In a small church in Mattapoisett, 18 years ago today, my wife and I made a promise in front of God, our family, and our friends to love each other for the rest of our lives.

As I was getting ready for work today, it dawned on me that I have lived with my wife longer than I lived with my parents. Longer than I’ve lived with my sister or any friend or roommate. It’s safe to say that my wife knows me better than any other human being on this planet.

Maddie and Gazelle were asking me for advice today about how to maintain such a strong relationship over the long haul. I could only offer advice drawing upon my own experiences. There are many ways to navigate relationships, but this is how it worked for me (us).

My advice is to recognize that life is all about stages and that none of them are permanent. As with everything else in life, the stages of your relationship are very temporary.

Your relationship begins with the dating phase. It will never ever be easier than this phase. Truly, this phase should be pure bliss. Most of the time, there are few outside distractions or tensions in this stage. If you are in a relationship that is struggling while you are in the dating phase, my advice to you is to run, and run fast.

The next stage is the newlywed stage. We’ll throw in the planning of the wedding, the wedding itself, and the post-wedding year or two. These are also some pretty great times. Maybe you save up to buy a house. Maybe you renovate the house. You are dedicated to one another. Again, for the most part, your relationship is able to exist in a sacred vacuum without outside forces applying any tension to your love for one another.

Then, the babies come. Again, these aren’t always the sequence of events, I’m just drawing upon my life experiences. When those babies come, it is going to rock you to the core. This is the first big test in your relationship. For the first time, there are legitimate things that will come before your partnership with one another. Those babies rely on the two of you for everything. Everything. There’s nothing like the first time that realization really sinks in. It makes you work a little harder at your job and it makes you care for those babies in any way that you can.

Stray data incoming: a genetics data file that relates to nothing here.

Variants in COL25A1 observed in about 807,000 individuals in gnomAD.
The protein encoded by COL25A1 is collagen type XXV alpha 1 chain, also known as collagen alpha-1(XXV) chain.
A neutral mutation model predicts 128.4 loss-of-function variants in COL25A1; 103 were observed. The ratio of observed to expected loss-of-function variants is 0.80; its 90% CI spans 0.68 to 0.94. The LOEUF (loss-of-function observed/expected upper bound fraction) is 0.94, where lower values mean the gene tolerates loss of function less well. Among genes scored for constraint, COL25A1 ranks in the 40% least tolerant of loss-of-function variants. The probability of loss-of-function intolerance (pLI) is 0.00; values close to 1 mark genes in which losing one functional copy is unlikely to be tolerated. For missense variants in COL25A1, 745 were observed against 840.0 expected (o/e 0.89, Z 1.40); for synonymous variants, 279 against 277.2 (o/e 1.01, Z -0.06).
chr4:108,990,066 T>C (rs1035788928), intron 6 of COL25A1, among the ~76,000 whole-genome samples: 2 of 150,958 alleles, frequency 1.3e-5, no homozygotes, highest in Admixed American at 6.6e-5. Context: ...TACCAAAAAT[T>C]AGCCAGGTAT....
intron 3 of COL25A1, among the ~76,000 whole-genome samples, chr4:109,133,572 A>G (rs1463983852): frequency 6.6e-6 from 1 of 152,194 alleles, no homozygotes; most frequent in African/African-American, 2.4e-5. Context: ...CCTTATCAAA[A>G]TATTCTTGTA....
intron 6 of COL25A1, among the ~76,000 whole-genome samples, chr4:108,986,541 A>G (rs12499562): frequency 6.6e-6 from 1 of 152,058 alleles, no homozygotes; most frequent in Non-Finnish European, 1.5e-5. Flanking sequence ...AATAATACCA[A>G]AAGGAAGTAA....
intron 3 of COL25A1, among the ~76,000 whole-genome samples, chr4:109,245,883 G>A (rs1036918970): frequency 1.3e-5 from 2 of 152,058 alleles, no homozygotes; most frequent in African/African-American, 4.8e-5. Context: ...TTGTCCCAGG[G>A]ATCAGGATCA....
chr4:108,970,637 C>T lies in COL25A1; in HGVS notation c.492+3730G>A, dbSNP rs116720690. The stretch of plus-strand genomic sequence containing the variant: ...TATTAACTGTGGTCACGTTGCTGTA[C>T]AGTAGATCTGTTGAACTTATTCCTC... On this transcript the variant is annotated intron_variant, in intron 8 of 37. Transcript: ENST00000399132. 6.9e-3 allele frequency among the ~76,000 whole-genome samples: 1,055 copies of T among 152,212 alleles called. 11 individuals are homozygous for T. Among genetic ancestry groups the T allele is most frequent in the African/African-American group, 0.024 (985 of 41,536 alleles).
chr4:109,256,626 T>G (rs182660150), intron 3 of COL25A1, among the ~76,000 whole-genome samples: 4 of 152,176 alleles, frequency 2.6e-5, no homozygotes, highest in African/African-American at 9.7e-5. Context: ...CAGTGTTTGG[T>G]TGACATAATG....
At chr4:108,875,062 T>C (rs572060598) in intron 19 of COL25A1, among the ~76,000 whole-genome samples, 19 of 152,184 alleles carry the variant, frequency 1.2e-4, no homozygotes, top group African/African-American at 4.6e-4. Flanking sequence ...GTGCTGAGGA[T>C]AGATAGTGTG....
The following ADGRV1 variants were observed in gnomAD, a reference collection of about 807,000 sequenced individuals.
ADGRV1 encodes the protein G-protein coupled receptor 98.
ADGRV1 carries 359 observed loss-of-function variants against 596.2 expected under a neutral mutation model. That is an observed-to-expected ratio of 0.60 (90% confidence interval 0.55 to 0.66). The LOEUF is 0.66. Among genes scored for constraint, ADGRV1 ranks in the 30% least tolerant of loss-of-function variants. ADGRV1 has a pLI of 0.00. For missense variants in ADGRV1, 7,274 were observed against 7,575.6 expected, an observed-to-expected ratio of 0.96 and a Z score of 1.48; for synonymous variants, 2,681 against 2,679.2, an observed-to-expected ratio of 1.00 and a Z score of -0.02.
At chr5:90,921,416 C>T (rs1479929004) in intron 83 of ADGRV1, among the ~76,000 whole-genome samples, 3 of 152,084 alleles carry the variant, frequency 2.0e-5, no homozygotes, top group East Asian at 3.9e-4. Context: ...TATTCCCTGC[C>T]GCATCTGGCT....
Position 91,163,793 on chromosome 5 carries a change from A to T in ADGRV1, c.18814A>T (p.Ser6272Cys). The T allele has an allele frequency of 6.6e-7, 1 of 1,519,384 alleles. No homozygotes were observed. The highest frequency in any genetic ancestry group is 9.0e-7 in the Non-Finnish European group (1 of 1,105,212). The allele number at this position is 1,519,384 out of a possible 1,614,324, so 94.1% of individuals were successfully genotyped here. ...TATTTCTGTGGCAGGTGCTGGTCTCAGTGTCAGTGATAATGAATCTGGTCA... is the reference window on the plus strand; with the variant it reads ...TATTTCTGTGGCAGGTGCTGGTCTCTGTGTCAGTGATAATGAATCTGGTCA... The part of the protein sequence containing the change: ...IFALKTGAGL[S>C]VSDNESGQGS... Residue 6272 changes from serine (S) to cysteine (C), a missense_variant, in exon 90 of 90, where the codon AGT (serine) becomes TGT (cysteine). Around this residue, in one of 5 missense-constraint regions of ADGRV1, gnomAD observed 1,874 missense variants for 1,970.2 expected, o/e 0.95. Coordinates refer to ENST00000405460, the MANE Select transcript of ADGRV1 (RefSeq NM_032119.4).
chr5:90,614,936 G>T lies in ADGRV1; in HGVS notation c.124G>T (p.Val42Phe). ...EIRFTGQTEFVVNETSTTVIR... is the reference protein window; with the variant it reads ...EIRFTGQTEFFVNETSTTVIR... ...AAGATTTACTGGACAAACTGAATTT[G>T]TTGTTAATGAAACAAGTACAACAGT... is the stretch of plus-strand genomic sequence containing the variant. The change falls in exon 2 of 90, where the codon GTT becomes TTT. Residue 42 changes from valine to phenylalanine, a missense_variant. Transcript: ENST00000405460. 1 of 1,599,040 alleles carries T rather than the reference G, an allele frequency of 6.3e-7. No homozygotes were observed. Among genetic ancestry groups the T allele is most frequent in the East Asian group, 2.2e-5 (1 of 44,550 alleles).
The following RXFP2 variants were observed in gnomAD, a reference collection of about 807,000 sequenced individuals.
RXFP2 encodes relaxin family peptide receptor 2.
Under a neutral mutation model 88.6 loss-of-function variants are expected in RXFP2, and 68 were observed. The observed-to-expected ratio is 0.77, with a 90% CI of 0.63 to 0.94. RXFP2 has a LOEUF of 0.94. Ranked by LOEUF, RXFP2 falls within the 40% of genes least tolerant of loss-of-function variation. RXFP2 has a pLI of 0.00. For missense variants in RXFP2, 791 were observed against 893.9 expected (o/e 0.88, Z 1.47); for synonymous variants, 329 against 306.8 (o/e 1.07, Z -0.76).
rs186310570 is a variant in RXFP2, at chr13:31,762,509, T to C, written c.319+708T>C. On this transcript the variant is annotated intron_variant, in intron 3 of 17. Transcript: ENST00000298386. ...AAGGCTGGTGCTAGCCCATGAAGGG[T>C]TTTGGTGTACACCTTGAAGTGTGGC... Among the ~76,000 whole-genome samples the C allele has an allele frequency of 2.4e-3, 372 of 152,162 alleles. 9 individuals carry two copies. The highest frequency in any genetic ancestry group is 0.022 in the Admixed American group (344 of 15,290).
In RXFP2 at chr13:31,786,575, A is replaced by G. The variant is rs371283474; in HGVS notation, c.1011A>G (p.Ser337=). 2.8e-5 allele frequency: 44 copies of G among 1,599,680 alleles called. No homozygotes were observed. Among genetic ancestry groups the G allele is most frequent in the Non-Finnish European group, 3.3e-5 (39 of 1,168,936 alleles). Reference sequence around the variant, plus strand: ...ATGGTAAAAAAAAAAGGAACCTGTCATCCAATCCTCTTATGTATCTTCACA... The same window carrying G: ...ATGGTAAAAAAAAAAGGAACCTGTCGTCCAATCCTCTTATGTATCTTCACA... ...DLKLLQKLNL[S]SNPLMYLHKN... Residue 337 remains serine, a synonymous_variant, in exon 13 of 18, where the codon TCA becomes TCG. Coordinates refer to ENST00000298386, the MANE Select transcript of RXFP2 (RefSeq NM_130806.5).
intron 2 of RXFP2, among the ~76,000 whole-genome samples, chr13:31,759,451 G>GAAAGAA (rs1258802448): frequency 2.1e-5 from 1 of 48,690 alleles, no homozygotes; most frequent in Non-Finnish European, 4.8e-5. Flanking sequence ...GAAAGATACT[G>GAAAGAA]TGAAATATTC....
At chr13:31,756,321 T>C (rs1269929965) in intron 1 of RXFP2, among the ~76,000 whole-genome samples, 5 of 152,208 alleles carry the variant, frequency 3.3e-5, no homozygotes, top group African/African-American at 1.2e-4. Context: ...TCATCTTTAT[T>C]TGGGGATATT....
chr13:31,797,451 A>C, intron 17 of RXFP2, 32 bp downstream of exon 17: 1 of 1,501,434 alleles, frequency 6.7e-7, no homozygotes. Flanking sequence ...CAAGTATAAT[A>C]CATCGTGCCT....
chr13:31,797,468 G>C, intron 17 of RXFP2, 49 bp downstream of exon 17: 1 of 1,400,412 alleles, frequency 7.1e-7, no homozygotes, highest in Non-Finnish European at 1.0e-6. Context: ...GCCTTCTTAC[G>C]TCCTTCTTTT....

Sleep becomes a commodity. Lack of sleep becomes a very real problem for many. Tension sets in. Your love may be tested, but if you remember how much you loved the person in the first two stages, your love can and will grow even deeper as the two of you embark on the most important job of your lives — raising your family.

I was not a great baby dad. I didn’t know what to do with them, and I always felt like I was doing it wrong. As the babies grew to become kids, I felt like I settled into the idea of being a parent. As life progresses, though, so do the stresses and curveballs. Kids will get sick with everything from stomach bugs to broken bones to more serious health problems. Your parents begin to grow old and develop health problems of their own. Issues at school pop up. Kids get cut from sports teams. The external tension piles on.

And this is why it’s so important to be picky and choose the right person to be your spouse. The foundation of your relationship gets you through each stage of life. It’s hard to imagine while you’re going through it, but each stage is stunningly short. If I had only known how temporary the baby stage was, I would have tried my best to relax and enjoy it more.

Now, however, I’m really starting to learn just how quickly these stages turn over. I honestly try to savor each day with my wife and kids. Don’t get me wrong, it’s not with grand gestures. There’s not usually any time for that. It’s the unplanned moments that you have with your kids or your wife. It’s important to recognize them as they are happening and to truly dial into them.

Try not to let the phone or Facebook ever tear you away from those moments. You won’t always be able to block out those external distractions, but even if you do it most of the time, you’ll be thankful in the next stage.

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